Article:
March is the first month of Spring and the last month of Winter, often shifting between these two seasons at the drop of a hat. As new life emerges from the ground, this is a great time to do some serious planting while buttoning up those winter gardening tasks. The forward momentum is unstoppable, and the work done in the garden now will set the stage for the coming season.

March To Do List in the Garden

Seasonal Color

Container plantings that may have been neglected or filled with holiday décor are primed for a reset. Refresh containers with a vibrant early Spring display using fragrant Wallflower and Hyacinths, beautiful Ranunculus, flouncy Anemones, and vivid Spring flowering bulbs.

Spruce up vacant landscape beds with early annual color like Primroses, Pansies, and Violas. Hellebores are the perfect perennial plant investment—they are evergreen, easy to care for, and in bloom before other plants wake up in the garden.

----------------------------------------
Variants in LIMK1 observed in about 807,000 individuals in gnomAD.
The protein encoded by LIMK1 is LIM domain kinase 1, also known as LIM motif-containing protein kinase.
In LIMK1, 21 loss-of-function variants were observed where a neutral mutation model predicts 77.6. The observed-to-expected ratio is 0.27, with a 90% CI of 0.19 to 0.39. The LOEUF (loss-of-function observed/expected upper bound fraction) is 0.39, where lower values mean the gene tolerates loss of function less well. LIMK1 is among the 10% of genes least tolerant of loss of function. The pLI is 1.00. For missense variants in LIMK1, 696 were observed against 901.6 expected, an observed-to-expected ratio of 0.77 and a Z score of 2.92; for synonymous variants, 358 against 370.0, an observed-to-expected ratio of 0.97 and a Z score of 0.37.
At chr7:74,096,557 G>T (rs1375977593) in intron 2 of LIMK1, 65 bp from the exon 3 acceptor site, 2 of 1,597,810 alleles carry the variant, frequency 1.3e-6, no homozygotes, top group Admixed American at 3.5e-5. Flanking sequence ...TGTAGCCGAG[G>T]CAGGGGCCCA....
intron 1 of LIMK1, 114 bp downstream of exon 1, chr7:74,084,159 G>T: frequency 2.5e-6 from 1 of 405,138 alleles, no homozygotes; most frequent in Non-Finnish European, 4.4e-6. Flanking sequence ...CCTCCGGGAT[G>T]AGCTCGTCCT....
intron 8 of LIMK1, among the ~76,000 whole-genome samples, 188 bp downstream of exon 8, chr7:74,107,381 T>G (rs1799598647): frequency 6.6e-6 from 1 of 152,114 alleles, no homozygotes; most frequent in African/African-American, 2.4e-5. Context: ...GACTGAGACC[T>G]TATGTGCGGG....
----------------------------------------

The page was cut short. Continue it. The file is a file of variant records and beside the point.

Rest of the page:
Planting & Maintenance

Apply G&B Fertilizers as new growth appears on perennials and shrubs to help support lush, vigorous growth, and be sure to protect perennials from slugs with Sluggo or Slug Magic.

Once they have put on two inches of fresh new growth, fertilize roses with Portland Rose Society Fertilizer 15-10-10 or Portland Rose Society Organic Fertilizer 5-4-4.

Divide Hostas, Irises, and Daylilies as they emerge by digging up the entire plant from the garden beds and using a shovel or hori hori knife to cut them into smaller clumps. Replant the pieces back in your bed, and share any extras with friends.

Relocate perennials and Roses while they are emerging from dormancy—now is the perfect time to dig up and transplant them without interrupting their growth or diminishing their potential for the upcoming season.


  • Prune spring-flowering shrubs like Camellias and Daphne after blossoms fade.